Prime Minister Stefan Löfven in Gullranda on security in the Baltic region


Speech, 19 June 2016.

Check against delivery.

Stefan Löfven and Sauli Niinistö
Prime Minister Stefan Löfven and Sauli Niinistö, President of Finland. Foto: Juhani Kandell/Tasavallan presidentin kanslia

I would like to thank our hosts for inviting me here to Gullranda, and for giving me the opportunity to give my views on security in the Baltic region and northern Europe.

Speaking about security policy in Finland has become more or less a tradition for Swedish Social Democratic prime ministers.

In June 1983, Olof Palme addressed the Paasikivi Society in Helsinki. This was in the middle of the Cold War, and the nuclear threat was at the heart of the security policy debate. In our part of the world, it was largely a matter of the possibility of creating a nuclear-weapon-free zone in the Nordic region.

Eleven years later, in 1994, Ingvar Carlsson was Prime Minister of Sweden. After the fall of the Berlin Wall, the climate of cooperation in Europe and around the world was completely different. Finland and Sweden were both on their way to full membership of the EU. Carlsson's speech exuded optimism and enthusiasm.

Now we are in 2016, and the global situation is once again very troubled.

War and conflict rage in the Middle East. The fighting in Syria has been ongoing for longer than the entire Second World War, and the end is not yet in sight. Terrorism has hit hard, both there and here in Europe. Modern violent extremism is global in its reach, but recruitment is often local. It is fuelled by polarisation, social divides and segregation. In Sweden, at least 300 of our own population have travelled to Syria and Iraq to take part in outpourings of violence led by Daesh.

In central Africa, one of the world's largest conflicts is ongoing in the Great Lakes region and several countries are plagued by violence. Meanwhile, here in Europe, we see challenges to values and international law.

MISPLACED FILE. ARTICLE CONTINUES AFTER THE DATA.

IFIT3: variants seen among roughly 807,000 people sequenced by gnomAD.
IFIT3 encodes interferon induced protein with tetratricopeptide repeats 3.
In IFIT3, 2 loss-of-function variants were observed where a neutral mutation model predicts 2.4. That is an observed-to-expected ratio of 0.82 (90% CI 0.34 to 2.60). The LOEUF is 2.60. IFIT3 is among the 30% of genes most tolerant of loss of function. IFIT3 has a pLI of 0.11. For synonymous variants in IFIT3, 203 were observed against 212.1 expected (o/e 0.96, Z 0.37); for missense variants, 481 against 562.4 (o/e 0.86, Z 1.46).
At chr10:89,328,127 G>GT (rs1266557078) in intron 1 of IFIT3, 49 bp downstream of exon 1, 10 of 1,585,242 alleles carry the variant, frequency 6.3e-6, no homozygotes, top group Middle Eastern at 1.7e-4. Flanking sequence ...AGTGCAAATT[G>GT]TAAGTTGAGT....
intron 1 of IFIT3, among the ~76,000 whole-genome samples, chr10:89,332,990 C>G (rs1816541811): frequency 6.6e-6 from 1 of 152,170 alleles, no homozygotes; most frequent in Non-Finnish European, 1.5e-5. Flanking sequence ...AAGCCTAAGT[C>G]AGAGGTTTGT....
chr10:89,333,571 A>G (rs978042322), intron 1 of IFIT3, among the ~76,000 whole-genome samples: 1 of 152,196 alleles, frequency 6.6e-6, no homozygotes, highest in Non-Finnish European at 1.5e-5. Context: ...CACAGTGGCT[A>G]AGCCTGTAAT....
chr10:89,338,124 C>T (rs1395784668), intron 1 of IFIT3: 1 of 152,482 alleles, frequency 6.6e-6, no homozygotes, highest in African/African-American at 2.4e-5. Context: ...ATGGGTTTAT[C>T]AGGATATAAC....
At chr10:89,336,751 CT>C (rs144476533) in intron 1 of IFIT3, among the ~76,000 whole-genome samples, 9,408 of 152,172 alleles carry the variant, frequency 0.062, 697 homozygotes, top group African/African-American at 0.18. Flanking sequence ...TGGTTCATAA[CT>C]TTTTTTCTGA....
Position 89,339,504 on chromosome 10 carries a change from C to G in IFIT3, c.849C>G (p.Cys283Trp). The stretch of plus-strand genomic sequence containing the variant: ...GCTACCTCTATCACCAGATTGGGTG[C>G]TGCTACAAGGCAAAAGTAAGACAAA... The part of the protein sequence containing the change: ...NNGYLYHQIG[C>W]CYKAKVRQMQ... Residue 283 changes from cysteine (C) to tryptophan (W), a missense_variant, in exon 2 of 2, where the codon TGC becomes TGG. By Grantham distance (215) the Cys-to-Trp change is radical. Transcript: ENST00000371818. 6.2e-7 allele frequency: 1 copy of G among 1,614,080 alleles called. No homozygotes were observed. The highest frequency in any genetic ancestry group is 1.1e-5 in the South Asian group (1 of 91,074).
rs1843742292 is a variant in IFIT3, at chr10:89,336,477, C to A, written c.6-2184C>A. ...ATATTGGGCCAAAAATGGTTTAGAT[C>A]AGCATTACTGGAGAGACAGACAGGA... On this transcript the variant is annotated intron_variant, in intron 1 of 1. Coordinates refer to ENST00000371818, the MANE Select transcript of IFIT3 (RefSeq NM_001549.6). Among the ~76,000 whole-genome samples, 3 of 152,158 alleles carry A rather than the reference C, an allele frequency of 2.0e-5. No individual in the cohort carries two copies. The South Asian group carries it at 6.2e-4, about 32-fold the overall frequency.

For many years there were fewer and fewer conflicts in the world – but now there are more and more.

Nuclear weapons still exist and are still being developed. They do not make the world safer.

All of this may fill us with pessimism – but it should also fill us with determination and willingness to act.

More than ever, we need deep commitment to peace and reconciliation, to democracy and human rights, to disarmament, solidarity and humanity. Sweden must be a strong voice in the world.

In Sweden, we stand up for freedom, security and safety. Our independence rests on two pillars: military non-alignment and a policy of cooperation. Foreign policy is our first line of defence; we build security together with others, both countries and organisations.

And our capacity to act begins in our neighbourhood.

Here in Finland, at the Helsinki Conference in 1975, the foundations were laid for a European security order. This is now being fundamentally challenged by Russia's illegal annexation of Crimea and its aggression in eastern Ukraine. That is serious. Using military force to change national borders contravenes international law and can never be accepted.

Every country is entitled to respect for its sovereignty and its territorial integrity. The same goes for the right of every state to independently make its own security policy choices. Large, militarily strong nations take their own rights in this respect for granted. But they have no right to influence other states, to restrict their sovereignty to make their own decisions on the security policy line they choose to pursue.